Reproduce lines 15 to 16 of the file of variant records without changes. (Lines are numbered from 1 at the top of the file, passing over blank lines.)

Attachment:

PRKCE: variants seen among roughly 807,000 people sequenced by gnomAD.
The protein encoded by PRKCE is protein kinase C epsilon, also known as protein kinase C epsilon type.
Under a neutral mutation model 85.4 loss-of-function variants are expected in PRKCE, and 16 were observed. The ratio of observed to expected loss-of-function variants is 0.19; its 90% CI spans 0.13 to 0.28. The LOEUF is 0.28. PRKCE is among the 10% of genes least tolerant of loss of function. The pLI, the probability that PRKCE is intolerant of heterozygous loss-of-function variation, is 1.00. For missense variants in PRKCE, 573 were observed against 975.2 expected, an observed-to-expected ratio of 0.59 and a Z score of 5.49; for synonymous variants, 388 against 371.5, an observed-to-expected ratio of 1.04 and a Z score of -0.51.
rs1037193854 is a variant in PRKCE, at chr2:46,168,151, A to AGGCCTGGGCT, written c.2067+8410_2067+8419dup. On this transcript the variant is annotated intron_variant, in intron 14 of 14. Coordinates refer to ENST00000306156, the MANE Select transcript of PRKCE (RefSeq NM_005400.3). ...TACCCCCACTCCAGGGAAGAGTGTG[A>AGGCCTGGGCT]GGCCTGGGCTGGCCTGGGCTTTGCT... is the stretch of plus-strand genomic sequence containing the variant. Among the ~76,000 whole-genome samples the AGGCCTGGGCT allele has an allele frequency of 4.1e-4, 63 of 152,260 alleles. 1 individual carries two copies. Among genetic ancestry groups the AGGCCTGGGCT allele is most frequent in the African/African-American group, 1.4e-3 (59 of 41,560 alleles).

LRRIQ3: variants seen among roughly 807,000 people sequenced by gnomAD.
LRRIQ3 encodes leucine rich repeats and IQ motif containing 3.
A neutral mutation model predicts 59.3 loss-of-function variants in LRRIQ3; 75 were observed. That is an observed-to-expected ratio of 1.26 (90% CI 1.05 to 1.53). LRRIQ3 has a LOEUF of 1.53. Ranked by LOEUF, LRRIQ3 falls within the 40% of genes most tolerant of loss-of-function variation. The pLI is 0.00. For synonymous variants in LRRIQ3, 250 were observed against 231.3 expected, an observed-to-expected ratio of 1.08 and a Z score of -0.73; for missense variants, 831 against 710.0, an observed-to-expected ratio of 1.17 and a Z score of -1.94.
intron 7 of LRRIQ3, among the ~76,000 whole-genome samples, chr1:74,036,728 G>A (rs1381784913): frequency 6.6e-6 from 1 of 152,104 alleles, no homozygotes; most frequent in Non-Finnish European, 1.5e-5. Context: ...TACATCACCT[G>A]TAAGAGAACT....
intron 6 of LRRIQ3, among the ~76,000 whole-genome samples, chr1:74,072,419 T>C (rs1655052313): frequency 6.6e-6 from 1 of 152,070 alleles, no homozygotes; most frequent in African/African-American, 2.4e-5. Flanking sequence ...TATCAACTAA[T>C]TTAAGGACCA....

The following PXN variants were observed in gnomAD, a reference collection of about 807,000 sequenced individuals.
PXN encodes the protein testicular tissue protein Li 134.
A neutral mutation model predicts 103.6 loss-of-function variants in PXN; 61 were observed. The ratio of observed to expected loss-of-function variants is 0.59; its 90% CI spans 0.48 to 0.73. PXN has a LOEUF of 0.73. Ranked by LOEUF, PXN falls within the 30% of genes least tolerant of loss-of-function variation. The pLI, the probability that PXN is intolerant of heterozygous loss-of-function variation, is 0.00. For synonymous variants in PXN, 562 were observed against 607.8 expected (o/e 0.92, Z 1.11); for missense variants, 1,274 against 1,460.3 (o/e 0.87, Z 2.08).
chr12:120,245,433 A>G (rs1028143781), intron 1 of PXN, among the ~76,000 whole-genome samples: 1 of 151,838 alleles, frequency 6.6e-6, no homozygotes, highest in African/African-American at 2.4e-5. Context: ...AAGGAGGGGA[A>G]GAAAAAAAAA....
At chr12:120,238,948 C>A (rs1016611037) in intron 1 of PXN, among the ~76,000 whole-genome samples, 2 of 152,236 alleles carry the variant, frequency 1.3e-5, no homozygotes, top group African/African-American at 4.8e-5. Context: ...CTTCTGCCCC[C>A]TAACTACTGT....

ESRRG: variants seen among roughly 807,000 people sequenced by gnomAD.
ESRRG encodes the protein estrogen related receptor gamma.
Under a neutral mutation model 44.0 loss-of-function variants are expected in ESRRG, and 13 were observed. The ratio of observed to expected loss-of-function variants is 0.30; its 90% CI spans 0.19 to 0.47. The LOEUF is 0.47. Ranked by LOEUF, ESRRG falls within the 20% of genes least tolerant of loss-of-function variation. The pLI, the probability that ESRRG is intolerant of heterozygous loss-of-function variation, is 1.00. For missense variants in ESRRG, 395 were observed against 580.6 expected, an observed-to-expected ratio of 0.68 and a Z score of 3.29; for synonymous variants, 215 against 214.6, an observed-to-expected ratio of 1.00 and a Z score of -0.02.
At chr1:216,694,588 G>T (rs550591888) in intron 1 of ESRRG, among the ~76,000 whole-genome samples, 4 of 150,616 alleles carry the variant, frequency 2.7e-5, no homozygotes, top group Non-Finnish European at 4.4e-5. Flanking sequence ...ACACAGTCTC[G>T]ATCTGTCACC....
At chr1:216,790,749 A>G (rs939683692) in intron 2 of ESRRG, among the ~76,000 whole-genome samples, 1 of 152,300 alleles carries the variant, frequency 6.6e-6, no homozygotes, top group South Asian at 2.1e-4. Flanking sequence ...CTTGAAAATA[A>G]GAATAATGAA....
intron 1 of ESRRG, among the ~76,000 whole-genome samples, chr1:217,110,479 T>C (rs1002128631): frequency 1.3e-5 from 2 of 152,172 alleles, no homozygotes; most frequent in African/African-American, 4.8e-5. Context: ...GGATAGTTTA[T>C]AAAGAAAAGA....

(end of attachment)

ESRRG: variants seen among roughly 807,000 people sequenced by gnomAD.
ESRRG encodes the protein estrogen related receptor gamma.